Here’s a poem for spring.


I heard a thing on the radio about how humans have a terribly designed sinus (among other physiological flaws) that makes us more susceptible than other animals to illness. Ever notice that dogs don’t get colds? Their sinus drains from the bottom, not the top like us humans. A drain on the bottom is exactly where any plumber or engineer (or third grader) could tell you it goes. It’s one of many oddball reminders that evolution doesn’t always deliver perfection. The price we pay for big brains? Mistakes were made according to this dude: Nathan Lents, author of “Human Errors: A Panorama of Our Glitches, from Pointless Bones to Broken Genes.” Fascinating. And this totally explains my perpetually snotty, big-headed four-year-old.

The ever-clever Strong Towns gives us a glossary of housing terminology.

What happens when schools prioritize art over security guards? Here’s one story where a school redistributed funds to build a robust arts education program and saw student behavior improve dramatically. (h/t BB).

And speaking of curriculum, despite some partisan skirmishes here and there, Yale polling finds that hefty majorities of Americans support teaching children about the causes, consequences, and potential solutions to global warming—that includes voters in all 50 states and 3,000+ counties across the nation, including Republican and Democratic strongholds.


The Power. OMG. Read it. I don’t want to give it all away but… it is a speculative fiction world in which women develop power—actual electric power—that lets them physically dominate men. The most poignant character is a man who starts off confident and ambitious and the world slowly but surely teaches him he is vulnerable and can be hurt and taken advantage of and has little power to fight back. I think many women can relate.  There is also a great description of domestic violence where a woman wonders why the man hid from his female partner when she attacked him—why didn’t he fight back? Hit her with a frying pan or something? Later that woman finds herself powerless and hiding and thinks, self-loathingly, “I’m hiding. Just like a man.”

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    Thanks to Allison Capen & Mark Iverson for supporting a sustainable Cascadia.

  • After the book, you might be interested in this interview with the author.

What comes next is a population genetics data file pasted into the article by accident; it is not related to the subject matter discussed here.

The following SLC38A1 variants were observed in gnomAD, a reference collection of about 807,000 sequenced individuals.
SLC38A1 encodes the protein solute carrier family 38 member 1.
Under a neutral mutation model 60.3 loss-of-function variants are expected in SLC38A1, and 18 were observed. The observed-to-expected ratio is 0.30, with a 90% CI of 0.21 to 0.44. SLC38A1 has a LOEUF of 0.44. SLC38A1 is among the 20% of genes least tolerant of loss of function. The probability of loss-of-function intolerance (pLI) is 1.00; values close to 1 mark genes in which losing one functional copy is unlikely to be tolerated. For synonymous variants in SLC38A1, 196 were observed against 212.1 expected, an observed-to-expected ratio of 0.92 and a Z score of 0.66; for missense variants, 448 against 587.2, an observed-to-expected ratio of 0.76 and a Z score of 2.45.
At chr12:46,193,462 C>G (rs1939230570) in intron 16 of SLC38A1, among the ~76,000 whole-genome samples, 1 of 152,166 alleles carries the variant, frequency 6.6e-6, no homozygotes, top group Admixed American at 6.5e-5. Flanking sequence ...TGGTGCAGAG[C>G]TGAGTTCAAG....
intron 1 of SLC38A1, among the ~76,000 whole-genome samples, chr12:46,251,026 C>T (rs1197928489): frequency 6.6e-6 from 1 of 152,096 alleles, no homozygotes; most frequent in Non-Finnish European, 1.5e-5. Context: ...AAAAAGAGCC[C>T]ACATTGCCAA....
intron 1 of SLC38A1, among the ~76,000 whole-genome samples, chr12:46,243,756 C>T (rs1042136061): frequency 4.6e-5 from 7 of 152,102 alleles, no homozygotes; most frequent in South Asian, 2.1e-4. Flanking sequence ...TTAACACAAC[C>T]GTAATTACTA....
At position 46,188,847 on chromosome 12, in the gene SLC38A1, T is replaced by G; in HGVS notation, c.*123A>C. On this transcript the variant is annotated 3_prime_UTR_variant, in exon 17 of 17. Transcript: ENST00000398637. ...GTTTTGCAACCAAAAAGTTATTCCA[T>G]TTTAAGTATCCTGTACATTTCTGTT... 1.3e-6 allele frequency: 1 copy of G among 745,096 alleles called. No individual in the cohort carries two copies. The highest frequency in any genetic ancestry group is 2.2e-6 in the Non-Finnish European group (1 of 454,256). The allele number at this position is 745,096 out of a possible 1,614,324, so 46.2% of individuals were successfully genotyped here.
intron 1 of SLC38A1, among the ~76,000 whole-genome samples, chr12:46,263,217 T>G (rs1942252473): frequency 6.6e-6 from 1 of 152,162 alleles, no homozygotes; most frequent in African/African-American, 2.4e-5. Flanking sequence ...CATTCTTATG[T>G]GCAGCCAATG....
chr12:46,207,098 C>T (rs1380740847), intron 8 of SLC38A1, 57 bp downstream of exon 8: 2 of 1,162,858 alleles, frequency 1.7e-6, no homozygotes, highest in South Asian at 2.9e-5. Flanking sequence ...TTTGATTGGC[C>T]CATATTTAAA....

If we lived in the world of the power, I don’t think I would be magically excluded from the way the world operates. I don’t think I can say I would have been the enlightened person. With or without the power, I behave the way the system teaches me to behave.

    Iceland. No mosquitoes, no colonial history, almost no murder, and a bunch of men who believe gender equality benefits men too.


    This week the Republican, NRA A-rated governor of Vermont signed into law a series of gun control measures that encompass a good deal of the March for Our Lives demand list, including universal background checks, bans on high capacity magazines and bump stocks, and increased funding for mental health.  The reasoning behind his change of heart?

    “I support the Second Amendment, but I had to ask myself, ‘Are we truly doing everything we can to make our kids and communities safer?’ Because if we’re at a point where our kids are afraid to go to school, and parents are afraid to put them on a bus, or police don’t have the tools they need to protect victims of violence, or families can’t step in to prevent a loved one from taking their own life — then who are we?”

    Change is in the air, as they say.

    Molly Ringwald, a childhood favorite of mine, revisits her roles in John Hughes’ films through the lens of #MeToo. She captures a lot of the dissonance I feel when watching films from the 80’s and 90’s that I used to love, but now, as a more aware person, make me cringe with the recognition of the casual racism, sexism, and rape culture that I took for normal.

    This is a fascinating article about the nascent discipline of forensic architecture, and how it is being used to investigate human rights violations, “combining the spatial and engineering skills of architects, the data-gathering prowess of librarians, the doggedness of investigative journalists and the storytelling finesse of screenwriters.” I’m just waiting for the true crime television series to come out.


    I found another commentary on the giant Sinclair Broadcasting Group, this time from Jon Talton of the Seattle Times. He notes that, “deregulation, regulators captured by special interests, and the influence of big money in politics,” brought on the current situation. Talton also offers suggestions on what citizens can do in response, including exercising the fundamental right of voting.

    John Abbotts is a former Sightline research consultant who occasionally submits material for Weekend Reading and other posts.